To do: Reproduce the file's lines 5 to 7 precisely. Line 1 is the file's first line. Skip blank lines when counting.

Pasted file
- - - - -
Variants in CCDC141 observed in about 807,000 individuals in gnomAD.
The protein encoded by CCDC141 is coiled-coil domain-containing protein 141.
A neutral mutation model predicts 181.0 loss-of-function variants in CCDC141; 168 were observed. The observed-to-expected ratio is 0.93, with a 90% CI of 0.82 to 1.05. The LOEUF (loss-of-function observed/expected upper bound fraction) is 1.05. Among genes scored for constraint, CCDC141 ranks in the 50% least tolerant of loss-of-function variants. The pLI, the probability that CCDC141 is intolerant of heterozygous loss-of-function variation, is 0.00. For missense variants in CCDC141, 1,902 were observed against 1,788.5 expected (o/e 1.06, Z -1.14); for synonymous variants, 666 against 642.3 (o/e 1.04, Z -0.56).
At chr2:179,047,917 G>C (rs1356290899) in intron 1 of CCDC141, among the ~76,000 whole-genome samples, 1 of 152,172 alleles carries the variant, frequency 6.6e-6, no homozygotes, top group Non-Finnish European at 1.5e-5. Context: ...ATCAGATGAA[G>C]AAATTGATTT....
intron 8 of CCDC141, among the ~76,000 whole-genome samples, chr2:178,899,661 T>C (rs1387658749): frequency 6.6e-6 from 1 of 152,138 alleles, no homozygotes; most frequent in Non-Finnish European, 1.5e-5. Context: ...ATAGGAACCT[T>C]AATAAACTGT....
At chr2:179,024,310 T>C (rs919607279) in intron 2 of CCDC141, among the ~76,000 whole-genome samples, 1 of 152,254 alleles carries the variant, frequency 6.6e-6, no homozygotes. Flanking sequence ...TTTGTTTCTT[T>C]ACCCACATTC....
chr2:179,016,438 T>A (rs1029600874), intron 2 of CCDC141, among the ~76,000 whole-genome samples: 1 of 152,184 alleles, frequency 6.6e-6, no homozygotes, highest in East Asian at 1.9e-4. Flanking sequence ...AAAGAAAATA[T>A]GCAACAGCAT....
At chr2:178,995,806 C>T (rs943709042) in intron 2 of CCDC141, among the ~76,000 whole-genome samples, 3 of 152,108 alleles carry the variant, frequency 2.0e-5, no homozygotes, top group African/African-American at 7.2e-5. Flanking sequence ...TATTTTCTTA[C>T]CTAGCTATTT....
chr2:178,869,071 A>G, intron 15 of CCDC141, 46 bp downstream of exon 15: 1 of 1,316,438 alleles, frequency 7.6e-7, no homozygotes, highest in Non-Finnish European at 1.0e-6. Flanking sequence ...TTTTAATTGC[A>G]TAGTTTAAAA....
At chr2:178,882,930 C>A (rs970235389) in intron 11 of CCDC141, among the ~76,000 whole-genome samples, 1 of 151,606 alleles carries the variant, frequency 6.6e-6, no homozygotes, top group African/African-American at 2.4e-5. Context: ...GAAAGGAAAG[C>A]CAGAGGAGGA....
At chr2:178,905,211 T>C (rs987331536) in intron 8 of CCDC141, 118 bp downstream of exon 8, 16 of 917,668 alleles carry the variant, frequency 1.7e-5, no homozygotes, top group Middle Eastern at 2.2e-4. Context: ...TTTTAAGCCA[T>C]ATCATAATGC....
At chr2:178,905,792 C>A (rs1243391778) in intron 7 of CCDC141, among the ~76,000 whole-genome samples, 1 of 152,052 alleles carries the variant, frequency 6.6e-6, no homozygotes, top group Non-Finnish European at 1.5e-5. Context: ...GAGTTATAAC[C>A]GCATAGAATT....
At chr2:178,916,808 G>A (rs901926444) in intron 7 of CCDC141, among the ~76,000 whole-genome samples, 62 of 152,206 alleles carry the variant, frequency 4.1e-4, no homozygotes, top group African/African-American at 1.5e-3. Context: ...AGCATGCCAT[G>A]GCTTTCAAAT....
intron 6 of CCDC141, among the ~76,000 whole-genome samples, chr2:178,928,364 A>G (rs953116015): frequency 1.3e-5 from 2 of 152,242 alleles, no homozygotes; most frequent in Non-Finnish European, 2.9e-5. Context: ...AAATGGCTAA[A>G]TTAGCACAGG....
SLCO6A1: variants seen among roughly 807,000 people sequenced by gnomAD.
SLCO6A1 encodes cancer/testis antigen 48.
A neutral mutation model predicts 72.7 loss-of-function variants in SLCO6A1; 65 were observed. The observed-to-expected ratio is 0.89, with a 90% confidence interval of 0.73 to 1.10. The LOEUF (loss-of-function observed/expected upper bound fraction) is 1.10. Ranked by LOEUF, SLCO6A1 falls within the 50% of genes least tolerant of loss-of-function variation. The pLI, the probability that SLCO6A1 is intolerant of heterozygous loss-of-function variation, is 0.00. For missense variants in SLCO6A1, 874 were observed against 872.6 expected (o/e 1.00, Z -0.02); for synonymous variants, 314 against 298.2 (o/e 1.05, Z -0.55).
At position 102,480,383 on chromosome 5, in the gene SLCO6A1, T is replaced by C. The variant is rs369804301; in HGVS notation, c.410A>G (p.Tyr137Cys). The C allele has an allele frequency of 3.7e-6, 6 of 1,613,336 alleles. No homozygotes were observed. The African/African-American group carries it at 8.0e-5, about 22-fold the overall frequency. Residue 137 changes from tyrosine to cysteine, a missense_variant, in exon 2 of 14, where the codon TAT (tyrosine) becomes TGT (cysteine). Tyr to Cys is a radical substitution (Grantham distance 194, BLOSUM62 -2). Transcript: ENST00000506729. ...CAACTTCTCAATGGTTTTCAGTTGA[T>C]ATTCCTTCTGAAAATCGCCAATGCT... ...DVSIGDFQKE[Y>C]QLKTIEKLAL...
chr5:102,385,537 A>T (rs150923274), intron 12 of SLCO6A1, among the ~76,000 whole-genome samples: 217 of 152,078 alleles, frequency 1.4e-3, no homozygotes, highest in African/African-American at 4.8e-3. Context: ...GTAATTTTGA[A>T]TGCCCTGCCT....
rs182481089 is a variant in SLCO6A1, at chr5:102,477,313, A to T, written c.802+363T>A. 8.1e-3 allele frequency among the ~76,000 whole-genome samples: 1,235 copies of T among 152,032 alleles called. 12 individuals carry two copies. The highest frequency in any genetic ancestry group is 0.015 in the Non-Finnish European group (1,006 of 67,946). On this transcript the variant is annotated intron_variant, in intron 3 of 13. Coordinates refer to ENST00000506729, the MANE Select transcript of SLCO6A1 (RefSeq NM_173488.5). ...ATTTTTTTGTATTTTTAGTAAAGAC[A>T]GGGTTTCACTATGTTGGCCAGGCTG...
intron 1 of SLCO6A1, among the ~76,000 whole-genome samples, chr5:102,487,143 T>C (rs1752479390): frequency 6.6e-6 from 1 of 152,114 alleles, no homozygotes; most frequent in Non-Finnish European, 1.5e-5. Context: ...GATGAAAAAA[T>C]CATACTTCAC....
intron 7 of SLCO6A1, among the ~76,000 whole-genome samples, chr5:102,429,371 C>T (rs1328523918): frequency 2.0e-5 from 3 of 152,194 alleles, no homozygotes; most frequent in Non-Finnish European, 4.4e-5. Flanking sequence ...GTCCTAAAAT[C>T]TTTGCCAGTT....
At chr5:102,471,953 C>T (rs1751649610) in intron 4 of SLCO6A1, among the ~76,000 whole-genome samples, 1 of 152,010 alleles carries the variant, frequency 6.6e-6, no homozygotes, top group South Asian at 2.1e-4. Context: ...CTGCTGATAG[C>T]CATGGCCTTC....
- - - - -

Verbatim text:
intron 8 of CCDC141, among the ~76,000 whole-genome samples, chr2:178,899,661 T>C (rs1387658749): frequency 6.6e-6 from 1 of 152,138 alleles, no homozygotes; most frequent in Non-Finnish European, 1.5e-5. Context: ...ATAGGAACCT[T>C]AATAAACTGT....
At chr2:179,024,310 T>C (rs919607279) in intron 2 of CCDC141, among the ~76,000 whole-genome samples, 1 of 152,254 alleles carries the variant, frequency 6.6e-6, no homozygotes. Flanking sequence ...TTTGTTTCTT[T>C]ACCCACATTC....
chr2:179,016,438 T>A (rs1029600874), intron 2 of CCDC141, among the ~76,000 whole-genome samples: 1 of 152,184 alleles, frequency 6.6e-6, no homozygotes, highest in East Asian at 1.9e-4. Flanking sequence ...AAAGAAAATA[T>A]GCAACAGCAT....